The long-forgotten shape of the fastback coupe suddenly returned to prominence in the 1960s as a symbol of speed and style. Dodge jumped on the bandwagon to create the 1966-1967 Dodge Charger, a big fastback that could be as potent as it was pretty.
Although it didn't arrive on the market until January
1966, the new Charger quickly gave Dodge
a strong presence in the fastback revival that
sprouted in the mid-1960s. See more classic car pictures.
Between 1962 and 1964, Chrysler Corporation stylists likely were the busiest in the industry, and for good reason -- they had the biggest job to do. The "Forward Look" fins of the 1950s were dead, and the new styling direction set by Virgil Exner -- first with the Valiant and then with the 1962 Plymouth and Dodge -- had failed in the marketplace, in part due to the disastrous downsizing of Exner's designs dictated by former Chrysler president William Newberg.
Chrysler's market share plummeted, and Exner was forced out. He was replaced in the fall of 1961 by Elwood Engel of Ford, who was supposedly responsible for the stunning 1961 Lincoln Continental, a car also drastically downsized, but with more fortunate results.
Engel had orders from Chrysler President Lynn Townsend to get the styling of the company's cars back into the mainstream, and designers and product planners worked overtime to accomplish the task as quickly as humanly possible. Once, during a tour of the studios, Townsend reportedly urged the stylists on with the words, "You guys are saving the corporation."
The last thing the harried staff needed was extra work. But Engel knew about the "pony" coming down the pike from Ford in Dearborn, Michigan, and pushed Chrysler execs to get moving even faster. Additionally, over at the General Motors Tech Center, designers and engineers were busy fashioning the upcoming Oldsmobile Toronado. Thus, despite their weighty workload, competitive pressures forced Chrysler's overburdened staff to create two new specialty vehicles.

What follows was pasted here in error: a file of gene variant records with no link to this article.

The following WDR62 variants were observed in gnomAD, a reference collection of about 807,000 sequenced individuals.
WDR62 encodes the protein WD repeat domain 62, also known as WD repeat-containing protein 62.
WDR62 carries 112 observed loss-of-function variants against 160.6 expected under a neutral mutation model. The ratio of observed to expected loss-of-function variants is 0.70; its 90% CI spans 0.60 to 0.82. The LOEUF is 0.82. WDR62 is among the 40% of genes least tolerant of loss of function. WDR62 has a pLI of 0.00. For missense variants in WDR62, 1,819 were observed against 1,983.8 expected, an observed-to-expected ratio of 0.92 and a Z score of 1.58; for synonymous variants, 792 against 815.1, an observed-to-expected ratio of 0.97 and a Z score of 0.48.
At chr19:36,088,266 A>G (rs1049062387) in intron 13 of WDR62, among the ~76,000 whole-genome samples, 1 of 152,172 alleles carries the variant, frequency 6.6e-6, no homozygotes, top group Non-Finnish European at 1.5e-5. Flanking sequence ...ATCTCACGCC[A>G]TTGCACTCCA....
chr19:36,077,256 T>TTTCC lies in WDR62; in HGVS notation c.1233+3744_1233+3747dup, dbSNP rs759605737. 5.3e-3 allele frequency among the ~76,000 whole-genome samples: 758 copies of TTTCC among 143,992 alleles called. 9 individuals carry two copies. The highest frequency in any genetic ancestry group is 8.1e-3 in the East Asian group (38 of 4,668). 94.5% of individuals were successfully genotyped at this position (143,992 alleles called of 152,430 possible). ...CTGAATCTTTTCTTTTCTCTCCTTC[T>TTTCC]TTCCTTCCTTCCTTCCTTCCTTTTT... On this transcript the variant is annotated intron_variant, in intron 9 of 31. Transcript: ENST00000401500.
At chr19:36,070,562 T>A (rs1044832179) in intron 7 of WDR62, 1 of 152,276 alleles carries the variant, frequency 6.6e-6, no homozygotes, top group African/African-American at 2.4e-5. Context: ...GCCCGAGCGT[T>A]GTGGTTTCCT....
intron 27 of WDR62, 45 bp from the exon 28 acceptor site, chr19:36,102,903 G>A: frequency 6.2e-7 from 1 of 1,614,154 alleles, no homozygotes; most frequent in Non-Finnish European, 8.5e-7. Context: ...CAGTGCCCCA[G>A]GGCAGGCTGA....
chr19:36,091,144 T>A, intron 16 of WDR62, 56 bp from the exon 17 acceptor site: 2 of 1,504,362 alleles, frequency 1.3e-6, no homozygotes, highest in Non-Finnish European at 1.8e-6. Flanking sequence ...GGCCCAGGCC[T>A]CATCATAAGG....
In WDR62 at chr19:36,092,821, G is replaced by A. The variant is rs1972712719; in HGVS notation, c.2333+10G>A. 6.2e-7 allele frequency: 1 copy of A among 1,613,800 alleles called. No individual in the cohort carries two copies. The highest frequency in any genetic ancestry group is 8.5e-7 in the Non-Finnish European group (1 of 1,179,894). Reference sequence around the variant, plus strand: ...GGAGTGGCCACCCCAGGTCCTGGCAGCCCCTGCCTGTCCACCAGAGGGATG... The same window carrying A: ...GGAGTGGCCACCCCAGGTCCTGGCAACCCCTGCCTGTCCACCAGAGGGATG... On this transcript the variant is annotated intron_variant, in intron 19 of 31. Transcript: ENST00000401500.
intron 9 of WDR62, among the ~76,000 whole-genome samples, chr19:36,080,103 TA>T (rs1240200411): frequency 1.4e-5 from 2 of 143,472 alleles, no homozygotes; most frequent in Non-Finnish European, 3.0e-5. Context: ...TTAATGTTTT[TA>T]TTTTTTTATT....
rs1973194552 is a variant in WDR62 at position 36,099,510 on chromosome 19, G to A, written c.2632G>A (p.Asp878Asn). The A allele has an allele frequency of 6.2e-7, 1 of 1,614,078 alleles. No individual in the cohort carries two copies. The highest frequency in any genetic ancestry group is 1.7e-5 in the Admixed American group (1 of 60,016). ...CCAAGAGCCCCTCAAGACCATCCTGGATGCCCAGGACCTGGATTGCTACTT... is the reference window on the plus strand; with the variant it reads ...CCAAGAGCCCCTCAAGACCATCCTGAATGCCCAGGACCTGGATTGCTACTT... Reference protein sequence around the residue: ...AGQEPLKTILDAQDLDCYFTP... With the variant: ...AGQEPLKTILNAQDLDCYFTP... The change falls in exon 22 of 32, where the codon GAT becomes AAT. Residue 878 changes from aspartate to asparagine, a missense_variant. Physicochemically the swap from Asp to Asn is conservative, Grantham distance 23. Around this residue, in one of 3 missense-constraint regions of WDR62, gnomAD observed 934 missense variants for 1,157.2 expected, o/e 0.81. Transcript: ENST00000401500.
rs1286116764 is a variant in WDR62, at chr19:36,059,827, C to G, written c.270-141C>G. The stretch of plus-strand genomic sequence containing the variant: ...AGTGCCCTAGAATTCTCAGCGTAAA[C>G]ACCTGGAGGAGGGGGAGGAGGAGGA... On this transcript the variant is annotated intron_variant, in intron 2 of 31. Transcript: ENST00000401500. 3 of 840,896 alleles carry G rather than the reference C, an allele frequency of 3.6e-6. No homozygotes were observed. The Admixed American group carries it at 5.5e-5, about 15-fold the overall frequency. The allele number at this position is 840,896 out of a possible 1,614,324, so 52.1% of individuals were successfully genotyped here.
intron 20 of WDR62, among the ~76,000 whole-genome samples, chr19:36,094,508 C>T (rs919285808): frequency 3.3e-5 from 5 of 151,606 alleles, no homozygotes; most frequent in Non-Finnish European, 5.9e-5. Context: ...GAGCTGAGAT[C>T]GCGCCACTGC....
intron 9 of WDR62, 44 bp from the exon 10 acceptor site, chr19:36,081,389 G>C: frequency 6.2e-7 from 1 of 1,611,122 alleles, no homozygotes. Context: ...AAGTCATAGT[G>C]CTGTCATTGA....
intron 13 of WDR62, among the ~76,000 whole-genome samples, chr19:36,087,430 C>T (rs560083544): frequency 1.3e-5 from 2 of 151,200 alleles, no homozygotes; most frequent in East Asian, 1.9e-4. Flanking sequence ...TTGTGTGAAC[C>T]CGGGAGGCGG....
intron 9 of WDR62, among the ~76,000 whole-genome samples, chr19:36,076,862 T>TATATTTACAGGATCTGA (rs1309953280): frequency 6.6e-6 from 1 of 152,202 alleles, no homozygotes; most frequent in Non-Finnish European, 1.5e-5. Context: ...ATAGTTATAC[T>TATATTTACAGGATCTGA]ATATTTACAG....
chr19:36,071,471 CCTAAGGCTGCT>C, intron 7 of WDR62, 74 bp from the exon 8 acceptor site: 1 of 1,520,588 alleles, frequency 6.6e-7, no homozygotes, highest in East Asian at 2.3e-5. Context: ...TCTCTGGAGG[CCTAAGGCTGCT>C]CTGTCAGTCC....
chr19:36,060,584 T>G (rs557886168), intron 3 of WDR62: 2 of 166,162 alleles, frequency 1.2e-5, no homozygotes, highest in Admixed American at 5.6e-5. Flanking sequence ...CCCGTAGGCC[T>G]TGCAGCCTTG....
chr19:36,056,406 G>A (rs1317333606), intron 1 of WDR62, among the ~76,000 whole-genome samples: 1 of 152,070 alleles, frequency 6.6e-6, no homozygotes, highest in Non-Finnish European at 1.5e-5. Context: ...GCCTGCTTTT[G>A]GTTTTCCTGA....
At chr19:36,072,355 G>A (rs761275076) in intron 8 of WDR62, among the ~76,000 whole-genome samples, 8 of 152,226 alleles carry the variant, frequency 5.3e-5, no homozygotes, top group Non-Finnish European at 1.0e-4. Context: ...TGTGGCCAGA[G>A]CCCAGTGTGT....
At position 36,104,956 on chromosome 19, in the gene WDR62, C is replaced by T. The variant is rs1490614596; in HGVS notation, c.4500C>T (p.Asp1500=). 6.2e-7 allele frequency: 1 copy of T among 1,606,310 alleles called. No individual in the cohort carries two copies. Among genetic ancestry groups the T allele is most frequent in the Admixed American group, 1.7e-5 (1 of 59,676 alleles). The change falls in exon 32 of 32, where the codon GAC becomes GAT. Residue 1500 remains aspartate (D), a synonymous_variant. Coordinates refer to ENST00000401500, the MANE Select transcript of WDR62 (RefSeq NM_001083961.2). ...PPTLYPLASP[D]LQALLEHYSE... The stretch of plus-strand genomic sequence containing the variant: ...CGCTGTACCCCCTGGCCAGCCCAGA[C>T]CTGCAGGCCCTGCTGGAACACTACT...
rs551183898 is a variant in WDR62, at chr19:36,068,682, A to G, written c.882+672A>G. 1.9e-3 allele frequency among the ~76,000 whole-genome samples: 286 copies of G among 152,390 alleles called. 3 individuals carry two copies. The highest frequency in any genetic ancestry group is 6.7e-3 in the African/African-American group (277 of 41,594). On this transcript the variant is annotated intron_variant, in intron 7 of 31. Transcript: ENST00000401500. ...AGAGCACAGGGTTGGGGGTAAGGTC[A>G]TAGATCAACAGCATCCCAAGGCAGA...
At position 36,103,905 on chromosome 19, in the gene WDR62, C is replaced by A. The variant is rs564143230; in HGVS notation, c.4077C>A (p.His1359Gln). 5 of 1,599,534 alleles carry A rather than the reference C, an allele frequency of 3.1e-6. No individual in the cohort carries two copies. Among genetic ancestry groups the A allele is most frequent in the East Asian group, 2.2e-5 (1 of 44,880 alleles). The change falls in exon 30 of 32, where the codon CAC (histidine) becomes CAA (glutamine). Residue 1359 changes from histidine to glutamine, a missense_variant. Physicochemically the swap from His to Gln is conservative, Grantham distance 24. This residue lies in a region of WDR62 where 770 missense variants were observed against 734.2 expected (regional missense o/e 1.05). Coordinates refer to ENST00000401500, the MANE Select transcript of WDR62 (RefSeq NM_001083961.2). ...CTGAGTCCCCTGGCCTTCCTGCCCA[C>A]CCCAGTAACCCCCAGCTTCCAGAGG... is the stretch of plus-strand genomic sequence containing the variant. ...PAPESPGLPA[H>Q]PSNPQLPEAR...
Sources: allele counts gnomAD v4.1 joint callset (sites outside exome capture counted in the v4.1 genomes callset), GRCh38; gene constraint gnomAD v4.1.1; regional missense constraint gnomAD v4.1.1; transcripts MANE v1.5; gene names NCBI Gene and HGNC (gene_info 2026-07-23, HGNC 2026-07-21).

The first of these was the 1964 Plymouth Barracuda. "The industry was rife with rumors of Ford's new Mustang," remembers Gene Weiss, retired Chrysler-Plymouth and Dodge product planning executive. "But the extent of how changed the Mustang was from the Falcon was not learned until it was too late, from a tooling standpoint, to do as much."
The Barracuda was a nice enough car, although, admittedly, an inadequate answer to the Ford Mustang. But as far as the Chrysler-Plymouth dealer body was concerned, at least it was something. The other specialty model was, of course, the Dodge Charger that followed the Barracuda to market 22 months later.
Although size-wise one was a compact and the other an intermediate, these two vehicles shared a common design signature -- both were fastbacks. Or as Weiss succinctly put it, "The Dodge Charger was the conceptual twin of the Plymouth Barracuda."
Consequently, both the Barracuda and the Charger were created from (and handicapped by) the same formula. Of necessity, both were "make-from" cars whose differences from their respective Valiant and Coronet siblings were essentially in the roof, backlight, and decklid.
What caused this sudden 1960s fascination with fastbacks? Learn more about the origins of the fastback body type on the next page.
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